Google faces a $5 billion penalty

The Wall Street Journal reported that the European Union has hit Google's parent company Alphabet with a record antitrust fine over its Android operating system. The EU's regulator has been investigating whether Alphabet abused Andriod's market dominance to promote its products. As we have suggested before, the market dominance of technology giants means that they will face ever-increasing pressure from anti-trust laws globally.  

Amazon's US site crashes on Prime Day

The AFR reported that Amazon's US site crashed under unprecedented demand minutes into the launch of its annual Prime Day promotion. Much to the anger of its patrons, glitches prevented many Prime members from accessing time-limited deals for several hours. Down under, despite small Prime membership numbers, Amazon's Prime Day faired better with sales surpassing the e-commerce giants Boxing Day performance.

Hong Kong retail soars


The South China Morning Post (SCMP) reported that eight out of 10 Hong Kong retailers plan to expand as sales in the first half have increased appreciably and are expected to grow further, thanks to a rise in tourists and an uptick in local consumption. This is up from six out of 10 a year ago, according to a JLL survey. Retail sales recorded a fourth consecutive month of double-digit growth in May, jumping 12.9% to HK$40.5 billion (US$5.1 billion), according to The Hong Kong Retail Management Association. The growth is led predominately by the luxury sector, and the adoption of millennial-centric strategies that focus on experiential shopping and digital platforms by retailers and shopping malls.

Are US retailers using new tariffs to grab extra margin?

According to a Wall Street Journal report, washer and dryer prices in the US climbed 20% in the three months through June - the steepest rise in at least 12 years. It appears as if US retailers are increasing prices in excess of what would be expected from the impact of the recently introduced tariffs. Are they using it as an opportunity to grab extra margin?  A 20% tariff applies to the cost price, so its impact on the retail price should be considerably less.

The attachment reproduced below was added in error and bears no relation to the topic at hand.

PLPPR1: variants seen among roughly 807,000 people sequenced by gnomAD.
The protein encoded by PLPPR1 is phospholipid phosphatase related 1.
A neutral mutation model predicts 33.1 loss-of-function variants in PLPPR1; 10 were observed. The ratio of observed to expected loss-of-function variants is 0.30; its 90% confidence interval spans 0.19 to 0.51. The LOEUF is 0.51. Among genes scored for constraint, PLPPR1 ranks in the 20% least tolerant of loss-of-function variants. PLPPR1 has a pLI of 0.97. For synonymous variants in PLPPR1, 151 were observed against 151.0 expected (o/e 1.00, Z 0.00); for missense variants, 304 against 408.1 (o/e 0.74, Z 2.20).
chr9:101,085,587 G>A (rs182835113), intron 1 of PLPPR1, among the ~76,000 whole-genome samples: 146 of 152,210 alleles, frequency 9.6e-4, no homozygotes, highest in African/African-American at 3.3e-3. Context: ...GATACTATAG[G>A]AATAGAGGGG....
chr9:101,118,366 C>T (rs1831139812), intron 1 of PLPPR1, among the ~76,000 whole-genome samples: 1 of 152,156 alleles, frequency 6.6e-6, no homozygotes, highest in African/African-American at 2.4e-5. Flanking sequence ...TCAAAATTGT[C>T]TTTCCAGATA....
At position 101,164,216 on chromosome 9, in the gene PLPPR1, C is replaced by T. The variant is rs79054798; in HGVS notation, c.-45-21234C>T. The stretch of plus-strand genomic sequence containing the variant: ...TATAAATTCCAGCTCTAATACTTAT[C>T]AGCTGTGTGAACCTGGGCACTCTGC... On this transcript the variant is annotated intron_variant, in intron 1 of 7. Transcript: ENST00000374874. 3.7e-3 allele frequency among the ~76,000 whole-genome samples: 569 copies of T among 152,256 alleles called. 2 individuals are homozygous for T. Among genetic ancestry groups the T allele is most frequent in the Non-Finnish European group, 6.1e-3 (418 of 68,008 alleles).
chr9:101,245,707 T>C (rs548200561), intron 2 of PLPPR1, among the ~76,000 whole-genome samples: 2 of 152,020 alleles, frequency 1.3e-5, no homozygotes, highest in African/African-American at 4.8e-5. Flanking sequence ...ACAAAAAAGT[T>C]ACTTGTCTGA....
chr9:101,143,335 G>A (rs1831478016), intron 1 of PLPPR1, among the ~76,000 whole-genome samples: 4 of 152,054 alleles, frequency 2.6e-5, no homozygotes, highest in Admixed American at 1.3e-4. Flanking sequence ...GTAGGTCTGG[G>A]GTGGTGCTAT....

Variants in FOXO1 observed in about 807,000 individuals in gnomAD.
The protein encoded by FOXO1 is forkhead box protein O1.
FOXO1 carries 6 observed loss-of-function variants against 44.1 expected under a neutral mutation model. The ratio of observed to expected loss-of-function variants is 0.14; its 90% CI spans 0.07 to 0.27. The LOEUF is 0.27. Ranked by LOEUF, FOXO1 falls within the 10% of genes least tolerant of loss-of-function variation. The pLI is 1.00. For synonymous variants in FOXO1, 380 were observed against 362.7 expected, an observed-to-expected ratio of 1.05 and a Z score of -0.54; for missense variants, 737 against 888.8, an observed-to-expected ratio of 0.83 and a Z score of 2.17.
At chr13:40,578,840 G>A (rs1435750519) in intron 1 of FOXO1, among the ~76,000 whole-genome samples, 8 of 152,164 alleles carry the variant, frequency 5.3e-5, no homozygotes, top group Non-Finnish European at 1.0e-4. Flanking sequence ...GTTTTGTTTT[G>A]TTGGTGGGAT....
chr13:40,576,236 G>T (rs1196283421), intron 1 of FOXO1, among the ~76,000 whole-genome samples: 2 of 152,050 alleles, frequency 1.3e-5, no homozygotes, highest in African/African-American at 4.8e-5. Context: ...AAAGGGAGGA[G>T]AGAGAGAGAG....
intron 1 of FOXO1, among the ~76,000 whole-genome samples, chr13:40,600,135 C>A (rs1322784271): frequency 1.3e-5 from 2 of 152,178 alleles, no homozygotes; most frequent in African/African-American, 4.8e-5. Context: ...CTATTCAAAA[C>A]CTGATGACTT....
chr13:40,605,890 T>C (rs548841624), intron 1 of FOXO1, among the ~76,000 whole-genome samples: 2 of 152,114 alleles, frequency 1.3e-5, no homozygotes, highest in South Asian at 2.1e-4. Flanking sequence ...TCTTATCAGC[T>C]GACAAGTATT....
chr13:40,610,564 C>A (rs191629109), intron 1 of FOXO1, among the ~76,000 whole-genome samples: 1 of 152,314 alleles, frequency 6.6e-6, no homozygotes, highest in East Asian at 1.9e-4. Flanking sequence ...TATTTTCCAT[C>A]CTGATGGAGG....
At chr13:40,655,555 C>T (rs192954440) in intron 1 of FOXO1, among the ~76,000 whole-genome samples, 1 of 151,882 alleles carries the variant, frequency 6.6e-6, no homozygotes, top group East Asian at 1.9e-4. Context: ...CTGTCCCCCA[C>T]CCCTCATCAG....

Netflix subscriber growth slows

The Wall Street Journal reported that Netflix added 5.2 million paid subscribers during the second quarter, which was around one million subscribers shy of the company's forecast. Despite its slowing momentum, Netflix still confirms, as evidenced by Blockbuster's demise, that certain retail verticals will progressively shift exclusively online. Netflix isn't the only video content streaming service, and every customer that shifts to digital in this space means fewer DVD sales.    

Google's AU chief engineer calls for AI rules

The AFR reported that Google's chief Australian engineer has called for government and businesses to decide rules for Artifical Intelligence (AI), sooner rather than later. The article notes that there are many ethical, societal and economic questions about AI that still need to be resolved. For example, governments are grappling with the impending challenge of automation-led jobs disrupting multiple sectors and the increasing sentience of systems will soon pose science-fiction-like ethical questions about how humans should interact with AI. Contradictory to many media reports, and inline with our own thinking, the Google boss believes that AI should be viewed as a multiplier of human ingenuity and not a replacement for it.